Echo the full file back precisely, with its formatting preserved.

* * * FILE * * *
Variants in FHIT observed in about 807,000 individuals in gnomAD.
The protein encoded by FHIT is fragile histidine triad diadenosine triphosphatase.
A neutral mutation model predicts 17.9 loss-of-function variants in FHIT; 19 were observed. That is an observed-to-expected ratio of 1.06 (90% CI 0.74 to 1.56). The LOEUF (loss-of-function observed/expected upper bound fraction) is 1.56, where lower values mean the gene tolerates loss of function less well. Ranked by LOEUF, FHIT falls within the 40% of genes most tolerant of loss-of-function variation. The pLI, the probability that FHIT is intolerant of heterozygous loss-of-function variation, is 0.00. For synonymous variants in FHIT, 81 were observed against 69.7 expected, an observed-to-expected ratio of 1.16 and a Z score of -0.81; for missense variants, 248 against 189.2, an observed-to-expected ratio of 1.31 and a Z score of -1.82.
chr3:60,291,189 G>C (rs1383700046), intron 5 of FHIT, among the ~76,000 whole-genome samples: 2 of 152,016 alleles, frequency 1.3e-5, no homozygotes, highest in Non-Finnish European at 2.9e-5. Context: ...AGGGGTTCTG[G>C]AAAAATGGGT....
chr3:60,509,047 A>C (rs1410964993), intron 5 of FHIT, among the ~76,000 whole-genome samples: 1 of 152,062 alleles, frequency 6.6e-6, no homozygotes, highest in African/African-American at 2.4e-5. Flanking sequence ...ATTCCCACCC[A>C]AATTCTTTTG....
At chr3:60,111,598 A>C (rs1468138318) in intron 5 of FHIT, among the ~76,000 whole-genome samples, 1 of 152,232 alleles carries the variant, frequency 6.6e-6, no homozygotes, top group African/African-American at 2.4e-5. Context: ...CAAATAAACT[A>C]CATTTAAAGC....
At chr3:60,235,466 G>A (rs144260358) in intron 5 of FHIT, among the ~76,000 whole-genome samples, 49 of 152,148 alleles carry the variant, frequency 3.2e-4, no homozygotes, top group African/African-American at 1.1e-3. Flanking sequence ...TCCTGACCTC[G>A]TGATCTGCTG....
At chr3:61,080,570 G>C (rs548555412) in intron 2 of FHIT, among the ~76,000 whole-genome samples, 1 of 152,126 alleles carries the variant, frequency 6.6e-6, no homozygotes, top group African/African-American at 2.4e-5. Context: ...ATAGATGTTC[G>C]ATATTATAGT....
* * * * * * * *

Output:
Variants in FHIT observed in about 807,000 individuals in gnomAD.
The protein encoded by FHIT is fragile histidine triad diadenosine triphosphatase.
A neutral mutation model predicts 17.9 loss-of-function variants in FHIT; 19 were observed. That is an observed-to-expected ratio of 1.06 (90% CI 0.74 to 1.56). The LOEUF (loss-of-function observed/expected upper bound fraction) is 1.56, where lower values mean the gene tolerates loss of function less well. Ranked by LOEUF, FHIT falls within the 40% of genes most tolerant of loss-of-function variation. The pLI, the probability that FHIT is intolerant of heterozygous loss-of-function variation, is 0.00. For synonymous variants in FHIT, 81 were observed against 69.7 expected, an observed-to-expected ratio of 1.16 and a Z score of -0.81; for missense variants, 248 against 189.2, an observed-to-expected ratio of 1.31 and a Z score of -1.82.
chr3:60,291,189 G>C (rs1383700046), intron 5 of FHIT, among the ~76,000 whole-genome samples: 2 of 152,016 alleles, frequency 1.3e-5, no homozygotes, highest in Non-Finnish European at 2.9e-5. Context: ...AGGGGTTCTG[G>C]AAAAATGGGT....
chr3:60,509,047 A>C (rs1410964993), intron 5 of FHIT, among the ~76,000 whole-genome samples: 1 of 152,062 alleles, frequency 6.6e-6, no homozygotes, highest in African/African-American at 2.4e-5. Flanking sequence ...ATTCCCACCC[A>C]AATTCTTTTG....
At chr3:60,111,598 A>C (rs1468138318) in intron 5 of FHIT, among the ~76,000 whole-genome samples, 1 of 152,232 alleles carries the variant, frequency 6.6e-6, no homozygotes, top group African/African-American at 2.4e-5. Context: ...CAAATAAACT[A>C]CATTTAAAGC....
At chr3:60,235,466 G>A (rs144260358) in intron 5 of FHIT, among the ~76,000 whole-genome samples, 49 of 152,148 alleles carry the variant, frequency 3.2e-4, no homozygotes, top group African/African-American at 1.1e-3. Flanking sequence ...TCCTGACCTC[G>A]TGATCTGCTG....
At chr3:61,080,570 G>C (rs548555412) in intron 2 of FHIT, among the ~76,000 whole-genome samples, 1 of 152,126 alleles carries the variant, frequency 6.6e-6, no homozygotes, top group African/African-American at 2.4e-5. Context: ...ATAGATGTTC[G>C]ATATTATAGT....